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Articles / Preparing for College / Will Alumni Interviewers Ask About Test Scores?

Feb. 7, 2021

Will Alumni Interviewers Ask About Test Scores?

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I have a question about alumni interviews. I applied test-optional and I have two alumni interviews scheduled. Do alumni interviewers ask about test scores, or will they ask what my scores were, since I chose not to disclose them on applications? Or do they not even know that I applied test-optional?

If they ask, should I tell the truth (that my scores were low) or should I say I didn't have a chance to take the tests?

In theory, your alumni interviewers will not ask about your testing history or scores. The main goal of these sessions is to find out more about you that won't be on your applications. BUT ... over the eons, "The Dean" has learned of some (albeit few) alum interviewers who went way off of the "script," and asked questions that would appall the real admission officials, if they knew. For instance, I once heard about an elderly grad of a formerly all-men's university who complained about his alma mater's decision to accept women (which had been several decades earlier) and then asked his female interviewee, "How can you expect to keep up with young men in math and science?" And then there was the recent alum of an Ivy League school, still couch-surfing in his old frat house, who asked an applicant, also female, "Do you like to party?"

So your best bet is to assume that your interviews won't include mentions of testing, but be prepared anyway, in case they do. Don't lie outright about your testing history or scores, but you should be safe (and honest) if you say something like, "My testing plans were torpedoed by the COVID pandemic so I am applying test-optional." Should the alum persist and ask if you were able to test at all, you can continue with, "Due to canceled test dates and adverse conditions, I was able to test once but was not able to test again and will be applying without submitting scores."

If necessary, you ought to able to wheedle out of more of these questions by posing one of your own. Try something like, "Since many seniors will be applying this year without test scores, how do you think admission officials will adjust the decision-making process?" Or, "Aside from changing testing policies, how else has COVID affected admissions?"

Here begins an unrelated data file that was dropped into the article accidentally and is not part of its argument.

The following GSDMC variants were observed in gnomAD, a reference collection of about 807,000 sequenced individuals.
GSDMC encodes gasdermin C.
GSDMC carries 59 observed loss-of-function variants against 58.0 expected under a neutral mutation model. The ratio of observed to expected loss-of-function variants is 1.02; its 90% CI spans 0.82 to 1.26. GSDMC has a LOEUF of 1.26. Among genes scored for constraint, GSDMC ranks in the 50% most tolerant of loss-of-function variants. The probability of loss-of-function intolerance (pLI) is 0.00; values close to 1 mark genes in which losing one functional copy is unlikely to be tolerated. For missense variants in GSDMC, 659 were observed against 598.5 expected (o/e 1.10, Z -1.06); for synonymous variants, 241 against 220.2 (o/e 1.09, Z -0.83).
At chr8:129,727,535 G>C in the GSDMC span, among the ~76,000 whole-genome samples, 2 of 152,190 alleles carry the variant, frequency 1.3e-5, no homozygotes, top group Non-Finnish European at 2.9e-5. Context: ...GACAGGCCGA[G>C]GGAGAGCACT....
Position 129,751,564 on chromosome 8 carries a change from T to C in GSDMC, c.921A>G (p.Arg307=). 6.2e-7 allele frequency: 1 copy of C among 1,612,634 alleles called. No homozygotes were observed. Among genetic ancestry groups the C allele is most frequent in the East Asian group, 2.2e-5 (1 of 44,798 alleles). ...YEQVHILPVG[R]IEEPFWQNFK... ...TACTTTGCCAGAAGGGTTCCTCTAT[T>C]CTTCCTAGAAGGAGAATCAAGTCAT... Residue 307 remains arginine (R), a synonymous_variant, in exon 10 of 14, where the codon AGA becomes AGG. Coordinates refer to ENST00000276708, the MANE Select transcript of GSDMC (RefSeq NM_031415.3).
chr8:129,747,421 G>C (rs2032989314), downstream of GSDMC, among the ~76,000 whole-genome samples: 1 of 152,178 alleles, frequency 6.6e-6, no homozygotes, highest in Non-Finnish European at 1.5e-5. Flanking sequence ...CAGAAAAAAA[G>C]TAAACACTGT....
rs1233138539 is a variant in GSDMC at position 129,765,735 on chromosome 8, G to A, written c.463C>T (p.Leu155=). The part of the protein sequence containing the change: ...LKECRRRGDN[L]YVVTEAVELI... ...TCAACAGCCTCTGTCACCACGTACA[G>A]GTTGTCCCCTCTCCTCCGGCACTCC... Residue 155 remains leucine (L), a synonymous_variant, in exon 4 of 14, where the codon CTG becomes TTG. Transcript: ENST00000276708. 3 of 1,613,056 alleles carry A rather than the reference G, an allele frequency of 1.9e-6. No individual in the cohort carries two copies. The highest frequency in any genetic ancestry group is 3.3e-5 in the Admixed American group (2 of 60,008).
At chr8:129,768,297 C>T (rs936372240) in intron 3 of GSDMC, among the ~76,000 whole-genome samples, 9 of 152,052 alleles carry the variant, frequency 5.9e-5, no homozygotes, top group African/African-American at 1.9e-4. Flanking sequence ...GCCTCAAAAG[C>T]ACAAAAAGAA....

About the Ask the Dean Column

Sally Rubenstone is a veteran of the college admissions process and is the co-author of three books covering admissions. She worked as a Smith College admission counselor for 15 years and has also served as an independent college counselor, in addition to working as a senior advisor at College Confidential since 2002. If you'd like to submit a question to The Dean please email us at editorial@collegeconfidential.com.

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Sally Rubenstone

Sally Rubenstone knows the competitive and often convoluted college admission process inside out: From the first time the topic of college comes up at the dinner table until the last duffel bag is unloaded on a dorm room floor. She is the co-author of Panicked Parents' Guide to College Admissions; The Transfer Student's Guide to Changing Colleges and The International Student's Guide to Going to College in America. Sally has appeared on NBC's Today program and has been quoted in countless publications, including The New York Times, The Washington Post, USA Weekend, USA Today, U.S. News & World Report, Newsweek, People and Seventeen. Sally has viewed the admissions world from many angles: As a Smith College admission counselor for 15 years, an independent college counselor serving students from a wide range of backgrounds and the author of College Confidential's "Ask the Dean" column. She also taught language arts, social studies, study skills and test preparation in 10 schools, including American international schools in London, Paris, Geneva, Athens and Tel Aviv. As senior advisor to College Confidential since 2002, Sally has helped hundreds of students and parents navigate the college admissions maze. In 2008, she co-founded College Karma, a private college consulting firm, with her College Confidential colleague Dave Berry, and she continues to serve as a College Confidential advisor. Sally and her husband, Chris Petrides, became first-time parents in 1997 at the ripe-old age of 45. So Sally was nearly an official senior citizen when her son Jack began the college selection process, and when she was finally able to practice what she had preached for more than three decades.

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